In 2010, Brian was seen on Philadelphia’s Fox 29 News as the 2010 Delco Idol musical theater competition winner at the Media Theatre in Pennsylvania. He was also a featured artist with the Skaneateles Music Festival in “Broadway comes to Brook Farm” under guest musical director Paul Sportelli. In Seattle, he had the pleasure of singing with the Pacific Northwest Ballet Orchestra in their 2012 Holiday production of the Seattle-favorite, The Nutty Nutcracker, inserting classical music and popular Christmas tunes over top of the sweeping Tchaikovsky score.
As a graduate student at the University of Michigan, Brian performed as Ferrando in Cosi fan Tutte and as Bardolfo in Falstaff. He has also sung the roles of Basilio in Mozart’s Le Nozze Di Figaro, Pedrillo in Die Entführung aus dem Serail, and Dr. Blind in Die Fledermaus. Brian made his international debut in Italy with the International Opera Theater of Philadelphia, premiering the operatic adaptation of Shakespeare’s La Tempesta as Ariele.
A little known fact about Brian is his expertise on trumpet. At Eastman, Brian studied in the trumpet department as a primary student and performed with the internationally acclaimed Eastman Wind Ensemble. He also performed with the Eastman Lab Jazz Band, University of Rochester Symphony Orchestra and Wind Ensemble, University of Maryland Concert Band, Philadelphia Youth Orchestra at Verizon Hall, and the University of the Arts Regional Grammy Jazz Band. In the pit, Brian played for Les Miserables (Media Theatre), Cabaret, and Assassins (Eastman).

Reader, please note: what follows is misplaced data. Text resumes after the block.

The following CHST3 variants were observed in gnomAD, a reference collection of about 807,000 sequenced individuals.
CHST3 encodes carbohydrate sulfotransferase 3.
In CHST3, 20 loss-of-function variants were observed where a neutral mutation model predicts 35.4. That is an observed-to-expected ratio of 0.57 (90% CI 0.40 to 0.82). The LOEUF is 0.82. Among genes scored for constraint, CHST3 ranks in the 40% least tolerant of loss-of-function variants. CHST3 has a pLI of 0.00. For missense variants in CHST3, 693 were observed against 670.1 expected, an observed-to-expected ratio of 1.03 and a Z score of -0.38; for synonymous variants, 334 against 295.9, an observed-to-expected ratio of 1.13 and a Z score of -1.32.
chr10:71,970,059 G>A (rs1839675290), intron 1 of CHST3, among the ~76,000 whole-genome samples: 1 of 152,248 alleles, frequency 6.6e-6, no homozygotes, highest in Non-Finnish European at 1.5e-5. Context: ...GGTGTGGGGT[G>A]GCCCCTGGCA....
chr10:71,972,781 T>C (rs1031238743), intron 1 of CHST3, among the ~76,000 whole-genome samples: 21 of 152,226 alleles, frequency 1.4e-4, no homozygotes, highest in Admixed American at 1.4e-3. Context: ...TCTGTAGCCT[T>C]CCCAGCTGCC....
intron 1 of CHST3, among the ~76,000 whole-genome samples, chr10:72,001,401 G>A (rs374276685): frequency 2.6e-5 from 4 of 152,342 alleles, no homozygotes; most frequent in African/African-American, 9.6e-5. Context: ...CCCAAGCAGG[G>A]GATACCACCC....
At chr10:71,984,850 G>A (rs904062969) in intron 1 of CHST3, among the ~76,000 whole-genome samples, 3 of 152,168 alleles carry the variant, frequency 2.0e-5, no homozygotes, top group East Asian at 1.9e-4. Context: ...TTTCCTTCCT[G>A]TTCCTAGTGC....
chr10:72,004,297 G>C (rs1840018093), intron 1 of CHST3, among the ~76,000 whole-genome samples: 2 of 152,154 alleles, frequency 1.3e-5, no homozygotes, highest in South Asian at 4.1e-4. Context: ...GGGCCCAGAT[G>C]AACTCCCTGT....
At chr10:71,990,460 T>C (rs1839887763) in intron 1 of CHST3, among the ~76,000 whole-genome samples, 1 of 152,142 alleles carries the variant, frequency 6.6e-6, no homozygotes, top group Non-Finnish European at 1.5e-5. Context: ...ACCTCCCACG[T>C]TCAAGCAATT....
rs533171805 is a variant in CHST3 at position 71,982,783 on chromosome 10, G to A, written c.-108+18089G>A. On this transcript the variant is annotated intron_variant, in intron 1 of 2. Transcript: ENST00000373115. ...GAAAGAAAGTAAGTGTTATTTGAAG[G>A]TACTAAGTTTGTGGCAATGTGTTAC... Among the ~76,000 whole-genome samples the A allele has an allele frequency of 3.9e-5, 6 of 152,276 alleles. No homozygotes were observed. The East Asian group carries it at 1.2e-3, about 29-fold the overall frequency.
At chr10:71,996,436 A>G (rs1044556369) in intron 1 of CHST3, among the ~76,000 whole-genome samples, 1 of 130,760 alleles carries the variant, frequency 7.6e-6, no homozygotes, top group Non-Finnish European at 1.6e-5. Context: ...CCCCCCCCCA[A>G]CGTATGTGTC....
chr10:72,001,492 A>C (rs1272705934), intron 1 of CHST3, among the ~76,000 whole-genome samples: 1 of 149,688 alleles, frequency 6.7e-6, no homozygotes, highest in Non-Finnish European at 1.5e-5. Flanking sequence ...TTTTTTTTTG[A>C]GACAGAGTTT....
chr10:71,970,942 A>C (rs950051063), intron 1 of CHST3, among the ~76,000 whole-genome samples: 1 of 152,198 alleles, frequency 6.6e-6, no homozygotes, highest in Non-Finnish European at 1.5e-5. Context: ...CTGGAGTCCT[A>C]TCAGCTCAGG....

Brian is a graduate of the University of Michigan, where he earned his masters degree in Vocal Performance. He is also an alumnus of the Royal Academy of Music in London, England, and holds a bachelors degree in Vocal Performance from the Eastman School of Music. He spent two summers (2011, 2012) as a Young Artist with the Aspen Opera Theater Center.
Benjamin Britten is one most important British composers from the second half of the twentieth century. Remarkably, he focused on opera, a dying genre, at least in its current form. Britten's contributions however, among which Peter Grimes, The Rape of Lucretia, Gloriana, The Turn of the Screw, and Death in Venice, managed to remain core repertoire for opera companies to this day. Many of these productions included a role for his artistic partner and life companion Peter Pears. Britten also wrote a number of lieder for this tenor, among which his Serenade for tenor, horn and string orchestra. Yet, Britten excelled in many more genres. He wasn't even 20 years old when he composed his brilliant Phantasy for hobo quartet and his friendship with the legendary cellist Rostropovich led to a Cello sonata, three Suites for cello solo and a Symphony for Cello and orchestra in the 1960s.
Britten never became Master of the Queen's Music, yet he surely had feeling for public sentiments. For example, as a pacifist, he taught his people about world peace through his War Requiem from 1962. Britten was an excellent interpreter of his own work, just like Bartók and Stravinsky. Many of his recordings have been matched, but never exceeded.